First of all a special thanks goes out to Fantasy Pros and our own Nick Fleder for putting together our positional rankings. As far as I know, this will be the first time THT has released any form of consensus rankings. It’s a proud day for me, and I know you all will appreciate the painstaking work it takes to get this done. As I’m sure Nick will agree, our rankings weren’t necessarily a draft cheat sheet but a reflection of where we feel these players’ stats will measure up against each other at season’s end.
For day one, we rank the catchers. It’s the most undervalued position in fantasy baseball, so it’s generally difficult to get too excited about backstops. I see my catcher as little more than a seat warmer. Most years, I peg a certain catcher or tier of catchers I think the room is undervaluing, and I make sure I get my guy. I hardly ever draft the number one catcher or even a top five catcher for that matter.
Last year, I targeted Wilson Ramos and Miguel Montero, and that worked out quite well. In leagues with deeper benches, I will usually draft a lower level catcher and pair him with a top prospect. This tag-team method would probably be my favorite strategy in addressing the catcher position. However, all drafts are different, and you can never tell how a draft is going to play out until you are already well into the battle.
I have concluded that Mike Napoli is the number one catcher in 2012. Upon finally getting his chance to shine in Texas, Napoli built a second half that was nothing short of magical.
I didn’t see his 2011 breakout coming. I knew Napoli had prodigious power unrivaled by any other catcher, but I never thought he would hit as consistently as he did. To think he put up 30 HR/75 RBI/.320 AVG in only 439 plate appearances is astonishing. The fact that he continued that success well into the playoffs further solidifies his elite status.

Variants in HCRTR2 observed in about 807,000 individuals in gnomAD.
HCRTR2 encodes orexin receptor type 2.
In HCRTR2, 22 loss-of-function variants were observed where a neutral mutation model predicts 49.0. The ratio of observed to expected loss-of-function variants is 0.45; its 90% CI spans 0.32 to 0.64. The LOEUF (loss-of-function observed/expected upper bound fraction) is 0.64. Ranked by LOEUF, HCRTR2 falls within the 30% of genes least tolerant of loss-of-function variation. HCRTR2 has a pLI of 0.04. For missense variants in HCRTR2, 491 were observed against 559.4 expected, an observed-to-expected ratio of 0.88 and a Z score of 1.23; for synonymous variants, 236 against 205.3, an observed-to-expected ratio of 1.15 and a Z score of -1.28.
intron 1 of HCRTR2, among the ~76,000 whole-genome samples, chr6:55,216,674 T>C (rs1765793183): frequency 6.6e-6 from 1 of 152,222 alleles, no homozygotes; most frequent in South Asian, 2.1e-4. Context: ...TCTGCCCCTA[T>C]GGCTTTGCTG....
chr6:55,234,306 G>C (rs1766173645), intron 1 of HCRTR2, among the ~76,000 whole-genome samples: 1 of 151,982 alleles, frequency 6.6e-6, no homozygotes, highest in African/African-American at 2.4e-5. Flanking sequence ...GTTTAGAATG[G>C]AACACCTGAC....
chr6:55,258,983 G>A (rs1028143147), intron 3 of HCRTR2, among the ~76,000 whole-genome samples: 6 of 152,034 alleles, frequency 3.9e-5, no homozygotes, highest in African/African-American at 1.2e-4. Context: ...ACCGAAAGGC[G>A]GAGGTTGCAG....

At 32 years old, Napoli isn’t getting any younger, so being “elite” could be a very short experience for him, but his 2011 season wasn’t so different from his 2008 season. The only real difference was plate appearances, batting eye, and some luck, all of which are trending upwards. Obviously he will face some extreme batting average regression; I’ll bet my house he doesn’t hit .320 again. If he’s your guy, I totally understand, but I won’t reach for him in the first three rounds, which is where he will undoubtedly be selected.
Like Napoli, Carlos Santana has caught the imaginations of experts and fans alike.
First, getting 658 plate appearances from your catcher is unfair. No other catcher was within a hundred plate appearances of Santana in 2011. That in itself should drive the value of a catcher, but Santana offers so much more. He’ll be only 25 at the beginning of the season, and he’s also a switch-hitter. He has 30+ home run potential, and I think most scouts see him as a higher batting average guy than he was last season.
The Indians have already saidthat Santana is the face and future of their franchise. so look for them to continue to shelter him more at first base. We all love catchers who spend significant time at other positions. I don’t think any catcher profiles as a better source for RBIs and runs. His awesome potential will cost an owner roughly the same as Napoli, which drives me out of the bidding. I’ll stand on the sidelines and admire Santana, but he probably won’t be my catcher in 2012.